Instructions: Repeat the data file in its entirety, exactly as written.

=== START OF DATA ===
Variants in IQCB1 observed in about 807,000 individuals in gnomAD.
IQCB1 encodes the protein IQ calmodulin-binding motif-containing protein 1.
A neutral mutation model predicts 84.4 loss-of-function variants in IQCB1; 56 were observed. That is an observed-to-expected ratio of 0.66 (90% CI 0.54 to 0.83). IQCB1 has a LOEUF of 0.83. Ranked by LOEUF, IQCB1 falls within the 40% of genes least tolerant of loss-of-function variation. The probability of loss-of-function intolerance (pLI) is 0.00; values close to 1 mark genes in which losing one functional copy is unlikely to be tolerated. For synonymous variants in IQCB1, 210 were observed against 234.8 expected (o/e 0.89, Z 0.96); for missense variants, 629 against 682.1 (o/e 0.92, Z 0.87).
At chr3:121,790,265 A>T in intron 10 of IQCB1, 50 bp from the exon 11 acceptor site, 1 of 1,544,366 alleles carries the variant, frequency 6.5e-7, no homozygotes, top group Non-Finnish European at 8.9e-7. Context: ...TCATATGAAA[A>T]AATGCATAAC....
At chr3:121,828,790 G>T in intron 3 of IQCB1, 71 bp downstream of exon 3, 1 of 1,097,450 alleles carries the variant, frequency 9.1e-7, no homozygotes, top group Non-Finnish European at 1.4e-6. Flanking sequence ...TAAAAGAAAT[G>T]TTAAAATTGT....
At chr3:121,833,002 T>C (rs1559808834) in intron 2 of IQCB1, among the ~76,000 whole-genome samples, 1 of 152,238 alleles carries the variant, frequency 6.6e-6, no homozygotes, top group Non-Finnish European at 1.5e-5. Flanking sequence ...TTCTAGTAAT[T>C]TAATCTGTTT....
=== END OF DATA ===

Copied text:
Variants in IQCB1 observed in about 807,000 individuals in gnomAD.
IQCB1 encodes the protein IQ calmodulin-binding motif-containing protein 1.
A neutral mutation model predicts 84.4 loss-of-function variants in IQCB1; 56 were observed. That is an observed-to-expected ratio of 0.66 (90% CI 0.54 to 0.83). IQCB1 has a LOEUF of 0.83. Ranked by LOEUF, IQCB1 falls within the 40% of genes least tolerant of loss-of-function variation. The probability of loss-of-function intolerance (pLI) is 0.00; values close to 1 mark genes in which losing one functional copy is unlikely to be tolerated. For synonymous variants in IQCB1, 210 were observed against 234.8 expected (o/e 0.89, Z 0.96); for missense variants, 629 against 682.1 (o/e 0.92, Z 0.87).
At chr3:121,790,265 A>T in intron 10 of IQCB1, 50 bp from the exon 11 acceptor site, 1 of 1,544,366 alleles carries the variant, frequency 6.5e-7, no homozygotes, top group Non-Finnish European at 8.9e-7. Context: ...TCATATGAAA[A>T]AATGCATAAC....
At chr3:121,828,790 G>T in intron 3 of IQCB1, 71 bp downstream of exon 3, 1 of 1,097,450 alleles carries the variant, frequency 9.1e-7, no homozygotes, top group Non-Finnish European at 1.4e-6. Flanking sequence ...TAAAAGAAAT[G>T]TTAAAATTGT....
At chr3:121,833,002 T>C (rs1559808834) in intron 2 of IQCB1, among the ~76,000 whole-genome samples, 1 of 152,238 alleles carries the variant, frequency 6.6e-6, no homozygotes, top group Non-Finnish European at 1.5e-5. Flanking sequence ...TTCTAGTAAT[T>C]TAATCTGTTT....